South Korea’s KIA Motors Corporation has applied to the treasury’s Foreign Investment Directorate to invest a total of $245 million in a factory which will make pick-up trucks, minibuses and cars. KIA, Japan’s Nichimen Company and Turkey’s Ihlas Holding are setting up the plant as a joint venture which was announced in July.

MA will own 15 per cent of the project and supply all the technology and the engineering, while Nichimen will own 30 per cent and Ihlas 55 per cent (MEED 26:7:96).

The plant is intended to start production in April 1988. It will have an initial yearly output of 10,000 Cers pick-ups and 5,000 III Besta panel-vans and minibuses. In the future it will also produce 20,000 Sephia cars annually. Local content will start at 25 per cent, rising to 50 per cent in following years.

The project will employ 450 workers.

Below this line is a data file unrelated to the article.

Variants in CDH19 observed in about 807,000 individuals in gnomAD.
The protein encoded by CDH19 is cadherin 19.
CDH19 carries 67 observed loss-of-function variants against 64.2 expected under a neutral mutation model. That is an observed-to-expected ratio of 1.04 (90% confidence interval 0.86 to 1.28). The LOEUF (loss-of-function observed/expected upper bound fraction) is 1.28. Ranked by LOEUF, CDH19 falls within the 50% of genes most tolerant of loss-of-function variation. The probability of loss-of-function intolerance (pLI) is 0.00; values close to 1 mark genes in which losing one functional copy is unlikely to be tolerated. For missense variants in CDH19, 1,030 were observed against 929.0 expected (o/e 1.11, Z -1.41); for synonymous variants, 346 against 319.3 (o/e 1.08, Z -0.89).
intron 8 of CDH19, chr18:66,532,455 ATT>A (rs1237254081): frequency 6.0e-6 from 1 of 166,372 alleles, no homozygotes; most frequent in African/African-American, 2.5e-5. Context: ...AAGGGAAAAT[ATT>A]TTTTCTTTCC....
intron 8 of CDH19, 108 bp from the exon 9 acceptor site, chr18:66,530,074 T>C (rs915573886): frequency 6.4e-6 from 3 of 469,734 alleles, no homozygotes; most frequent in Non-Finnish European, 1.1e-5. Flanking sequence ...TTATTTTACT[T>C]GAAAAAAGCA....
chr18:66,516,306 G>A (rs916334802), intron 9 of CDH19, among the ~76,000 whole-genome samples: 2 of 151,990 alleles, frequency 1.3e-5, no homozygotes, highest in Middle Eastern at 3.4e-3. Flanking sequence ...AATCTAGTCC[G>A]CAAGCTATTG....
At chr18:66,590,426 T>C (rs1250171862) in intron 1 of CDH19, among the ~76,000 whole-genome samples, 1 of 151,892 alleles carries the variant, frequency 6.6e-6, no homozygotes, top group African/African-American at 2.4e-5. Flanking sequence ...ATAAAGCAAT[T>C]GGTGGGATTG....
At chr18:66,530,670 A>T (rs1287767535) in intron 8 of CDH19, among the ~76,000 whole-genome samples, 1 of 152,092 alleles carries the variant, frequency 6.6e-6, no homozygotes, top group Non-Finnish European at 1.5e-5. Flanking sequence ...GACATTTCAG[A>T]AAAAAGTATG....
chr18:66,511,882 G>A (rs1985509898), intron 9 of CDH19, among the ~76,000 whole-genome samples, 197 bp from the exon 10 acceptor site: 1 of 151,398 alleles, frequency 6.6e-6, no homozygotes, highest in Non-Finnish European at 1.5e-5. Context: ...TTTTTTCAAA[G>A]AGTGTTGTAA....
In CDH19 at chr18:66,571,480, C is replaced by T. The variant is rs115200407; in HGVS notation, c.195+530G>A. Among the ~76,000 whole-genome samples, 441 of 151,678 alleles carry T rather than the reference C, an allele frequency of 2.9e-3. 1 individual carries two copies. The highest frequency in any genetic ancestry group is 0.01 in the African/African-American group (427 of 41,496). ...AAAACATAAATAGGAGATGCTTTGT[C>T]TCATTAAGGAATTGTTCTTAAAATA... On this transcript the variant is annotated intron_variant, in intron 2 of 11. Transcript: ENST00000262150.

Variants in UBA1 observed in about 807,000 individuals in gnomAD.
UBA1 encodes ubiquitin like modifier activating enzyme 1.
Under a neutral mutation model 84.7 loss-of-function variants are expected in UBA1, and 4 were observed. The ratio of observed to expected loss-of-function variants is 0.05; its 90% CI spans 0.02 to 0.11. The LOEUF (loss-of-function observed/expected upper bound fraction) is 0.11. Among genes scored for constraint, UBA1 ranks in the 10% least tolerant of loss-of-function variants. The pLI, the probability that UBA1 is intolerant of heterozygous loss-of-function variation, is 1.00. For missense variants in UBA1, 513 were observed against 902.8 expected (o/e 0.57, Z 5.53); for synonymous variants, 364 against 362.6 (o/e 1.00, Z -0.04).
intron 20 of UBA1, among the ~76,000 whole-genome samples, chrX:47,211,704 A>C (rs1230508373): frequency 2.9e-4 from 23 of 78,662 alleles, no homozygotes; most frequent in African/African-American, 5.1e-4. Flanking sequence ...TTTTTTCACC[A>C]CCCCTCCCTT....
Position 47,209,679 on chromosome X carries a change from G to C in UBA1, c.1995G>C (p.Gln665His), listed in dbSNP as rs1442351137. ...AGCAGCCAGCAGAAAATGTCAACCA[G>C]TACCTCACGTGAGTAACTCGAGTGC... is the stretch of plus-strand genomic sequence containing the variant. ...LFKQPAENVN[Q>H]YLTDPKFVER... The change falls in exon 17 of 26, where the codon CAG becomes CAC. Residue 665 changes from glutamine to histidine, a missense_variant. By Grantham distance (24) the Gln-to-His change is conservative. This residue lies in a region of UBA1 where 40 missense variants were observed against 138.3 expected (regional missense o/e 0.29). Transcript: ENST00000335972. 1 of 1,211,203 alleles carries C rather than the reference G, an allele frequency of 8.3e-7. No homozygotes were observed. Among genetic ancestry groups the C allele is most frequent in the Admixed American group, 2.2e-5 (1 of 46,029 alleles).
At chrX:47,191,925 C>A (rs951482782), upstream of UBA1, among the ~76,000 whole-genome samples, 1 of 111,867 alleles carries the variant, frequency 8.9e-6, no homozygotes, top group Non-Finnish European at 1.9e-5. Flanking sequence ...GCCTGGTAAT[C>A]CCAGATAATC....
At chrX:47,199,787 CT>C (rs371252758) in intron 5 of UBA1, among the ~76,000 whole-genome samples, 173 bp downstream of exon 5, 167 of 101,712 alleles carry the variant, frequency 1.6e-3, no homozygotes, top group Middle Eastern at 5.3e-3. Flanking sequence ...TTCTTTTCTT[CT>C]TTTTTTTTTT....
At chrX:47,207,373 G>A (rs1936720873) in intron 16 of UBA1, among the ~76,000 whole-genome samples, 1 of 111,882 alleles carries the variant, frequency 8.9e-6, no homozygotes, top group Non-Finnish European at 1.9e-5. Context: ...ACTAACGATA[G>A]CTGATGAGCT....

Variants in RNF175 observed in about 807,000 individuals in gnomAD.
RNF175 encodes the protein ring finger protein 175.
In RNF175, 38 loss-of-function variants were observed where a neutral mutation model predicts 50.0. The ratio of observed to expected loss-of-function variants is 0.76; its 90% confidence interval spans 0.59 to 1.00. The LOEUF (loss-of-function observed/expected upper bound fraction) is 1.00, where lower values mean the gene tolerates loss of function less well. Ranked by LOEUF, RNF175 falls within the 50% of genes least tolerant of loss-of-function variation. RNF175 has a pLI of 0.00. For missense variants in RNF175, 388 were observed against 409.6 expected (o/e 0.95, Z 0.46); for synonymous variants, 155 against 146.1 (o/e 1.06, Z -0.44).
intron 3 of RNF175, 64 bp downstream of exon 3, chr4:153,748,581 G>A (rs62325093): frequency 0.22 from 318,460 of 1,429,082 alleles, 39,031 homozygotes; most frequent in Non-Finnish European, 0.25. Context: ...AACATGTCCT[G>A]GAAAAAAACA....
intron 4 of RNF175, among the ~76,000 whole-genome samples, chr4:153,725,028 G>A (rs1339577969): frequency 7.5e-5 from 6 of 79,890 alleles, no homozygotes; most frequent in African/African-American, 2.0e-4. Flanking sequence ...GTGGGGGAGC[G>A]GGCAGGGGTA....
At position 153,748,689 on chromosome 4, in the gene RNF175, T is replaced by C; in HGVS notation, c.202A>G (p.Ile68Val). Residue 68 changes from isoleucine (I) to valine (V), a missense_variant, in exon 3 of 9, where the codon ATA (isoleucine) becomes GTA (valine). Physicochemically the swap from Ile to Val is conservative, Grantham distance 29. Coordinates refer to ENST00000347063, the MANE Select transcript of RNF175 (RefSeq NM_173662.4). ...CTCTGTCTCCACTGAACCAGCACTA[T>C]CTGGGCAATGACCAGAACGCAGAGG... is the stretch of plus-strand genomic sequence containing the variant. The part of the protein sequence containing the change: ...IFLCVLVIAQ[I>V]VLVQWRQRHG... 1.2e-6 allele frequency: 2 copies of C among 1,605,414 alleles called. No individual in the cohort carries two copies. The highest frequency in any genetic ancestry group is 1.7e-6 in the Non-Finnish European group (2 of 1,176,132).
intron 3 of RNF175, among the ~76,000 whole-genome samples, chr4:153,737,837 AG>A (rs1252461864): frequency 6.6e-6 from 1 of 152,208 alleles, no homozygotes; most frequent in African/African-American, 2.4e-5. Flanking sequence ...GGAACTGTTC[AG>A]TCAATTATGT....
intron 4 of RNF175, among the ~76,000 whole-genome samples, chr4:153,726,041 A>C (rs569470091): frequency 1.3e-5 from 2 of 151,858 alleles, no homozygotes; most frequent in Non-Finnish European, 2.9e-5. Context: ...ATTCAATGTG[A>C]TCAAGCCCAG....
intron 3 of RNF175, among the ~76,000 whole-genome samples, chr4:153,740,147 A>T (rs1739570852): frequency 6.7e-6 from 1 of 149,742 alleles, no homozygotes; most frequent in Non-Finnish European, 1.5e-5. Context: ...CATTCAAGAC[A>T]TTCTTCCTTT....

KIA joins a number of other Far Eastern manufacturers who have been setting up manufacturing bases in Turkey in the second half of the 1990s. Turkey provides an attractive proposition for car manufacturers because of its expanding domestic market and the advantage of a customs union it signed with Europe in January of this year.

The Far Eastern companies include South Korea’s Hyundai Motor Corporation, and Japan’s Honda Motor Company, Mazda and Suzuki. They are following the lead of Toyotasa, a joint venture which started commercial manufacture of the Toyota Motor Company’s Corolla range in October 1994 with the aim of producing about 100,000 units by 2000.